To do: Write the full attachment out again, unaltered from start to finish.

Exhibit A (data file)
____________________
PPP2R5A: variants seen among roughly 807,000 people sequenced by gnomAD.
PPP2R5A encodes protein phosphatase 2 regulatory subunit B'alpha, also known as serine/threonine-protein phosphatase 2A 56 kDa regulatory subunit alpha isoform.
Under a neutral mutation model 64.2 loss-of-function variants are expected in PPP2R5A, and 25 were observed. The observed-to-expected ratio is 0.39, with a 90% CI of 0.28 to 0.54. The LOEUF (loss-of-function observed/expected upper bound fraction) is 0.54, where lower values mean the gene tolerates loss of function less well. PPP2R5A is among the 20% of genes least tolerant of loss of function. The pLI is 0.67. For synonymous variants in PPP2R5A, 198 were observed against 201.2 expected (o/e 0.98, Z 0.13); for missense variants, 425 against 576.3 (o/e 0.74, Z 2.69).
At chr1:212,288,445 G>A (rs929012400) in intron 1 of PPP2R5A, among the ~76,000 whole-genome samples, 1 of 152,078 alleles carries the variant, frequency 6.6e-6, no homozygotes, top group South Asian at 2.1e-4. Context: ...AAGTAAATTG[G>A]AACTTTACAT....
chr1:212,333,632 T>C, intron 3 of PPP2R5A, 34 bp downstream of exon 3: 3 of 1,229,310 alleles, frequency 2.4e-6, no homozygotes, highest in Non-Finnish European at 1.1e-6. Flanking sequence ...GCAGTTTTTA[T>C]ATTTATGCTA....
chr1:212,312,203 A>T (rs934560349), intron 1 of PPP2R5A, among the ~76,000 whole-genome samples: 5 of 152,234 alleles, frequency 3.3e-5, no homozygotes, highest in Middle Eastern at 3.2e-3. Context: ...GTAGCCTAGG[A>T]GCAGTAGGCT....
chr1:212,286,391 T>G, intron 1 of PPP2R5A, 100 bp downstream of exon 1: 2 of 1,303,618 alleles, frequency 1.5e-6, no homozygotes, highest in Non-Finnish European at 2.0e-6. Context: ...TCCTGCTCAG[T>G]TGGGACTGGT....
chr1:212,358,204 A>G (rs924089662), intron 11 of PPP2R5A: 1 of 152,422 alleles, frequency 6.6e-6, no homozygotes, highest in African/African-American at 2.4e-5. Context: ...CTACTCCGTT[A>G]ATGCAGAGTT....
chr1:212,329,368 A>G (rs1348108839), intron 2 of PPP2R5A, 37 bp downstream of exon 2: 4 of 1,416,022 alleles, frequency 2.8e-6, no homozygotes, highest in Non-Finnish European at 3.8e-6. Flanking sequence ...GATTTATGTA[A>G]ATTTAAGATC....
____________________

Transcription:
PPP2R5A: variants seen among roughly 807,000 people sequenced by gnomAD.
PPP2R5A encodes protein phosphatase 2 regulatory subunit B'alpha, also known as serine/threonine-protein phosphatase 2A 56 kDa regulatory subunit alpha isoform.
Under a neutral mutation model 64.2 loss-of-function variants are expected in PPP2R5A, and 25 were observed. The observed-to-expected ratio is 0.39, with a 90% CI of 0.28 to 0.54. The LOEUF (loss-of-function observed/expected upper bound fraction) is 0.54, where lower values mean the gene tolerates loss of function less well. PPP2R5A is among the 20% of genes least tolerant of loss of function. The pLI is 0.67. For synonymous variants in PPP2R5A, 198 were observed against 201.2 expected (o/e 0.98, Z 0.13); for missense variants, 425 against 576.3 (o/e 0.74, Z 2.69).
At chr1:212,288,445 G>A (rs929012400) in intron 1 of PPP2R5A, among the ~76,000 whole-genome samples, 1 of 152,078 alleles carries the variant, frequency 6.6e-6, no homozygotes, top group South Asian at 2.1e-4. Context: ...AAGTAAATTG[G>A]AACTTTACAT....
chr1:212,333,632 T>C, intron 3 of PPP2R5A, 34 bp downstream of exon 3: 3 of 1,229,310 alleles, frequency 2.4e-6, no homozygotes, highest in Non-Finnish European at 1.1e-6. Flanking sequence ...GCAGTTTTTA[T>C]ATTTATGCTA....
chr1:212,312,203 A>T (rs934560349), intron 1 of PPP2R5A, among the ~76,000 whole-genome samples: 5 of 152,234 alleles, frequency 3.3e-5, no homozygotes, highest in Middle Eastern at 3.2e-3. Context: ...GTAGCCTAGG[A>T]GCAGTAGGCT....
chr1:212,286,391 T>G, intron 1 of PPP2R5A, 100 bp downstream of exon 1: 2 of 1,303,618 alleles, frequency 1.5e-6, no homozygotes, highest in Non-Finnish European at 2.0e-6. Context: ...TCCTGCTCAG[T>G]TGGGACTGGT....
chr1:212,358,204 A>G (rs924089662), intron 11 of PPP2R5A: 1 of 152,422 alleles, frequency 6.6e-6, no homozygotes, highest in African/African-American at 2.4e-5. Context: ...CTACTCCGTT[A>G]ATGCAGAGTT....
chr1:212,329,368 A>G (rs1348108839), intron 2 of PPP2R5A, 37 bp downstream of exon 2: 4 of 1,416,022 alleles, frequency 2.8e-6, no homozygotes, highest in Non-Finnish European at 3.8e-6. Flanking sequence ...GATTTATGTA[A>G]ATTTAAGATC....